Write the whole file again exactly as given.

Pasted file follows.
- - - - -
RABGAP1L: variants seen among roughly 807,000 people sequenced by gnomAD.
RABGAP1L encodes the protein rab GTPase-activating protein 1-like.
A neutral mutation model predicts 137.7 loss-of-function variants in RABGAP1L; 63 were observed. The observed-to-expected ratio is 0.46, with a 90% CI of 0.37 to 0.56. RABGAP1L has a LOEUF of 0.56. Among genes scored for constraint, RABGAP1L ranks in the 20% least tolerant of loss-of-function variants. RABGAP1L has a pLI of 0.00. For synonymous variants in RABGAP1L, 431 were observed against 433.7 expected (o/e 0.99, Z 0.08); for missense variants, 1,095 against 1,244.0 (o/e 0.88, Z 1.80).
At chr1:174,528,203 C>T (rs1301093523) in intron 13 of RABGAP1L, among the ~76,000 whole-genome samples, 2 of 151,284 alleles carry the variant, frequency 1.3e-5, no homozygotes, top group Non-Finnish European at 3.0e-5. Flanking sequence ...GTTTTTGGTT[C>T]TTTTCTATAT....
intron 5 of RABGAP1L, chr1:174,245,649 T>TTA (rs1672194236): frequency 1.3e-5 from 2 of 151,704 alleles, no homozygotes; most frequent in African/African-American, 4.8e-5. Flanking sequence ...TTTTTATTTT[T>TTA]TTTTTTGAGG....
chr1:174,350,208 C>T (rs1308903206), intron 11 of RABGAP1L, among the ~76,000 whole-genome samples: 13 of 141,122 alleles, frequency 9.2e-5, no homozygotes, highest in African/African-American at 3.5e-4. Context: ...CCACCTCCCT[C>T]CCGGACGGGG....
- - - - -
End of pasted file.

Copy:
RABGAP1L: variants seen among roughly 807,000 people sequenced by gnomAD.
RABGAP1L encodes the protein rab GTPase-activating protein 1-like.
A neutral mutation model predicts 137.7 loss-of-function variants in RABGAP1L; 63 were observed. The observed-to-expected ratio is 0.46, with a 90% CI of 0.37 to 0.56. RABGAP1L has a LOEUF of 0.56. Among genes scored for constraint, RABGAP1L ranks in the 20% least tolerant of loss-of-function variants. RABGAP1L has a pLI of 0.00. For synonymous variants in RABGAP1L, 431 were observed against 433.7 expected (o/e 0.99, Z 0.08); for missense variants, 1,095 against 1,244.0 (o/e 0.88, Z 1.80).
At chr1:174,528,203 C>T (rs1301093523) in intron 13 of RABGAP1L, among the ~76,000 whole-genome samples, 2 of 151,284 alleles carry the variant, frequency 1.3e-5, no homozygotes, top group Non-Finnish European at 3.0e-5. Flanking sequence ...GTTTTTGGTT[C>T]TTTTCTATAT....
intron 5 of RABGAP1L, chr1:174,245,649 T>TTA (rs1672194236): frequency 1.3e-5 from 2 of 151,704 alleles, no homozygotes; most frequent in African/African-American, 4.8e-5. Flanking sequence ...TTTTTATTTT[T>TTA]TTTTTTGAGG....
chr1:174,350,208 C>T (rs1308903206), intron 11 of RABGAP1L, among the ~76,000 whole-genome samples: 13 of 141,122 alleles, frequency 9.2e-5, no homozygotes, highest in African/African-American at 3.5e-4. Context: ...CCACCTCCCT[C>T]CCGGACGGGG....